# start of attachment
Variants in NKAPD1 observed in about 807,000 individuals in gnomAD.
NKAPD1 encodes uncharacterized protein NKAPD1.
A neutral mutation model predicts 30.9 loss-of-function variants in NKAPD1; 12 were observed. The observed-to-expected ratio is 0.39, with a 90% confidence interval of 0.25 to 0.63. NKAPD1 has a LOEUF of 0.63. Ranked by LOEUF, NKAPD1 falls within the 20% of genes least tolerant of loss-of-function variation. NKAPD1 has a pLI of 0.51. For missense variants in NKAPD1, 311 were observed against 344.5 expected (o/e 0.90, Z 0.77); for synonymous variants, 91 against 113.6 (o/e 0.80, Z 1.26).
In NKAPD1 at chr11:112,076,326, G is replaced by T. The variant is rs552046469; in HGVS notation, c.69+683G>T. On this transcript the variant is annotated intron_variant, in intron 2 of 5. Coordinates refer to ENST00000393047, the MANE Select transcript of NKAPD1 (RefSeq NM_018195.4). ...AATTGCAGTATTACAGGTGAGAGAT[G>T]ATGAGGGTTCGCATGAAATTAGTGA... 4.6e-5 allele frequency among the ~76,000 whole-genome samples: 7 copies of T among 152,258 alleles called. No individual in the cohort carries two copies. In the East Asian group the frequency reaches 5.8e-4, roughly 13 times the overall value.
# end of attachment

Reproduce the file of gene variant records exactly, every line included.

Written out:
Variants in NKAPD1 observed in about 807,000 individuals in gnomAD.
NKAPD1 encodes uncharacterized protein NKAPD1.
A neutral mutation model predicts 30.9 loss-of-function variants in NKAPD1; 12 were observed. The observed-to-expected ratio is 0.39, with a 90% confidence interval of 0.25 to 0.63. NKAPD1 has a LOEUF of 0.63. Ranked by LOEUF, NKAPD1 falls within the 20% of genes least tolerant of loss-of-function variation. NKAPD1 has a pLI of 0.51. For missense variants in NKAPD1, 311 were observed against 344.5 expected (o/e 0.90, Z 0.77); for synonymous variants, 91 against 113.6 (o/e 0.80, Z 1.26).
In NKAPD1 at chr11:112,076,326, G is replaced by T. The variant is rs552046469; in HGVS notation, c.69+683G>T. On this transcript the variant is annotated intron_variant, in intron 2 of 5. Coordinates refer to ENST00000393047, the MANE Select transcript of NKAPD1 (RefSeq NM_018195.4). ...AATTGCAGTATTACAGGTGAGAGAT[G>T]ATGAGGGTTCGCATGAAATTAGTGA... 4.6e-5 allele frequency among the ~76,000 whole-genome samples: 7 copies of T among 152,258 alleles called. No individual in the cohort carries two copies. In the East Asian group the frequency reaches 5.8e-4, roughly 13 times the overall value.